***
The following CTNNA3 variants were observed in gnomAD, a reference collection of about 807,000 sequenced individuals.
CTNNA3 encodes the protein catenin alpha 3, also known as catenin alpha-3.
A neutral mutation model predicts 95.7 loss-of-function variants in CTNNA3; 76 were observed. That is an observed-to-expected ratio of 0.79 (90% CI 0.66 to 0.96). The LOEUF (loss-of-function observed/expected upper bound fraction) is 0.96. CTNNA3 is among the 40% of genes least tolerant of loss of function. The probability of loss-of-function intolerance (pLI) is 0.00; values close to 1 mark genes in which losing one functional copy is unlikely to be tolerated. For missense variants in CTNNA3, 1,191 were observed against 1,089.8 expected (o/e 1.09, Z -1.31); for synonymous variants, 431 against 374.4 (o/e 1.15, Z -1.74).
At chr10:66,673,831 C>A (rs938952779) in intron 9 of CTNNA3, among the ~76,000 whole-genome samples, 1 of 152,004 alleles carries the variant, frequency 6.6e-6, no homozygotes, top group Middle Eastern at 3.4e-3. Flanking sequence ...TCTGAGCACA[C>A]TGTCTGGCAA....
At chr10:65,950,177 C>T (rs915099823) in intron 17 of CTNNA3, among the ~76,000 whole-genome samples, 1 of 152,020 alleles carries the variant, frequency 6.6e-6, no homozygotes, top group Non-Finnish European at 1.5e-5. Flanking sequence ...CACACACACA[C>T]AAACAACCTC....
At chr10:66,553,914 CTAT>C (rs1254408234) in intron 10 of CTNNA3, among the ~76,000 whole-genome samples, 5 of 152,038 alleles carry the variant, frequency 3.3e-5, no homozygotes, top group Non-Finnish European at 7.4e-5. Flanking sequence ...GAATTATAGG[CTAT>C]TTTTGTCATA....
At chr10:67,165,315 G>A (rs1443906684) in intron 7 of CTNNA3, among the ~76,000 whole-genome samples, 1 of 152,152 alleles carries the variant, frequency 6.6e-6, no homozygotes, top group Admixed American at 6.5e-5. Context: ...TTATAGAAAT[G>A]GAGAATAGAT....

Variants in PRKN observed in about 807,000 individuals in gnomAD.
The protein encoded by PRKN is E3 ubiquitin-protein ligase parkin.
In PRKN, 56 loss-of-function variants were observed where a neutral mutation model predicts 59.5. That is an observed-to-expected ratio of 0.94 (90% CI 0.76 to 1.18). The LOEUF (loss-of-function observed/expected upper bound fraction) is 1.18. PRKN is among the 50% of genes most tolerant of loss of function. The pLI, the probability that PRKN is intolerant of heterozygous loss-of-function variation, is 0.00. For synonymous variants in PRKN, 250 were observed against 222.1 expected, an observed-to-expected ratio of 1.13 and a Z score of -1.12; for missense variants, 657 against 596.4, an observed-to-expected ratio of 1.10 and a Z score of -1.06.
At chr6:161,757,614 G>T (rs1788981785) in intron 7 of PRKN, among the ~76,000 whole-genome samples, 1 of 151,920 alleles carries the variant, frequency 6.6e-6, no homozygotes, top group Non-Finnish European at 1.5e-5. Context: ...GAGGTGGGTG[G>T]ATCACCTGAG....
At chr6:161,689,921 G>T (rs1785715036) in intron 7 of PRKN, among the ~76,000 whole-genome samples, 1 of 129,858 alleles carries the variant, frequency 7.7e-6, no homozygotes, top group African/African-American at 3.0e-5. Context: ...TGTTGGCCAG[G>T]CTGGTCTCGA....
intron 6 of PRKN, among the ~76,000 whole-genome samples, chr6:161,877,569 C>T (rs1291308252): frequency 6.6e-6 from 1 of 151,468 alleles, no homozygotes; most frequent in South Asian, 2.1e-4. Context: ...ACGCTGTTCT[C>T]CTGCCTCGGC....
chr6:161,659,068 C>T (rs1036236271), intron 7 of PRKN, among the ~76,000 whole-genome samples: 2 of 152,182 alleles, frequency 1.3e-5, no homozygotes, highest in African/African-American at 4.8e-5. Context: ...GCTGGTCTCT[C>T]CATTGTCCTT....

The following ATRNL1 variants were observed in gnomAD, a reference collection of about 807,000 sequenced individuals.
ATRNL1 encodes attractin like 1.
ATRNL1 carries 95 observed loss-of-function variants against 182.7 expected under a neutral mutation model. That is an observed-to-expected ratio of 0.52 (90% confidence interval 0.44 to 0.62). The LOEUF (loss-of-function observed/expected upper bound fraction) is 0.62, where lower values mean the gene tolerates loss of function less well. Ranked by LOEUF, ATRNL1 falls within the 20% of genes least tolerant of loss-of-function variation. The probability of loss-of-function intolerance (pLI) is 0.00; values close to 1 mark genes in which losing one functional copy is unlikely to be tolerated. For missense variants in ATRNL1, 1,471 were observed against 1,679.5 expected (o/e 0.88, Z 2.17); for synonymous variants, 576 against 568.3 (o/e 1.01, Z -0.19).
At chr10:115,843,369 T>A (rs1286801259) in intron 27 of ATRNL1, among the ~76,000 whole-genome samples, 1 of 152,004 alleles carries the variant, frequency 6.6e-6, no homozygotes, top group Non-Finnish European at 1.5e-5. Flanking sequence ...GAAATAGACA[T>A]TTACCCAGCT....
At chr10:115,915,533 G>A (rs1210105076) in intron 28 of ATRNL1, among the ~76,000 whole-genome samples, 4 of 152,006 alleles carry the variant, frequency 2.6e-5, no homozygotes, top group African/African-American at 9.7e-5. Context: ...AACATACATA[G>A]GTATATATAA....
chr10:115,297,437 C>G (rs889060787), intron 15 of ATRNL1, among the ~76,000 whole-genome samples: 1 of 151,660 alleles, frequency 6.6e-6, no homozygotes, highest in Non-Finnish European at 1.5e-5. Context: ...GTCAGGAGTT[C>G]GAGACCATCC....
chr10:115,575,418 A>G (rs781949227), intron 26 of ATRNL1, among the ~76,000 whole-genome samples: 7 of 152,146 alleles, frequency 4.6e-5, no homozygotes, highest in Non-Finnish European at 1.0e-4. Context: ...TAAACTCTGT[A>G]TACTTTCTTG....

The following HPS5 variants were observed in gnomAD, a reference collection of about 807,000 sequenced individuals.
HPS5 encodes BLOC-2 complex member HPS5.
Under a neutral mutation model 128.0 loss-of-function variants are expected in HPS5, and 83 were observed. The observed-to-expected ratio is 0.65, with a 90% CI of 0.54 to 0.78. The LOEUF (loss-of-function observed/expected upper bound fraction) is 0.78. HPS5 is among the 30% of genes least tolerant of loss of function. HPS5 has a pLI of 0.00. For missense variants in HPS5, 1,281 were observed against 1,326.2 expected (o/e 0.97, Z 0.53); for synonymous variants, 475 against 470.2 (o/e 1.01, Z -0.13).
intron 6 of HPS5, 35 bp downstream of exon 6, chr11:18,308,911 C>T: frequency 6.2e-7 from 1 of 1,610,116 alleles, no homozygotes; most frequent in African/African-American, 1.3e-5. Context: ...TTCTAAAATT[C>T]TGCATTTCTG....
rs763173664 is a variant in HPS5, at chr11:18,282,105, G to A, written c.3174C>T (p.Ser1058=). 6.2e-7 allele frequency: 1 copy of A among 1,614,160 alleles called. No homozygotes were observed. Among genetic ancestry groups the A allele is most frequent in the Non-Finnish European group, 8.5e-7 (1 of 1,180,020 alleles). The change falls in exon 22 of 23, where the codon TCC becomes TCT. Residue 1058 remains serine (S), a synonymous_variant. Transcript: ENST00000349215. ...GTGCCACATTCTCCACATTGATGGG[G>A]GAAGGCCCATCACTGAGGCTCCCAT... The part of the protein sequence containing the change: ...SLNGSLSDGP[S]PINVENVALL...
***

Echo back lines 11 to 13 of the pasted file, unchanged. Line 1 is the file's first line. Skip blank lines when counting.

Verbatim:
At chr6:161,757,614 G>T (rs1788981785) in intron 7 of PRKN, among the ~76,000 whole-genome samples, 1 of 151,920 alleles carries the variant, frequency 6.6e-6, no homozygotes, top group Non-Finnish European at 1.5e-5. Context: ...GAGGTGGGTG[G>T]ATCACCTGAG....
At chr6:161,689,921 G>T (rs1785715036) in intron 7 of PRKN, among the ~76,000 whole-genome samples, 1 of 129,858 alleles carries the variant, frequency 7.7e-6, no homozygotes, top group African/African-American at 3.0e-5. Context: ...TGTTGGCCAG[G>T]CTGGTCTCGA....
intron 6 of PRKN, among the ~76,000 whole-genome samples, chr6:161,877,569 C>T (rs1291308252): frequency 6.6e-6 from 1 of 151,468 alleles, no homozygotes; most frequent in South Asian, 2.1e-4. Context: ...ACGCTGTTCT[C>T]CTGCCTCGGC....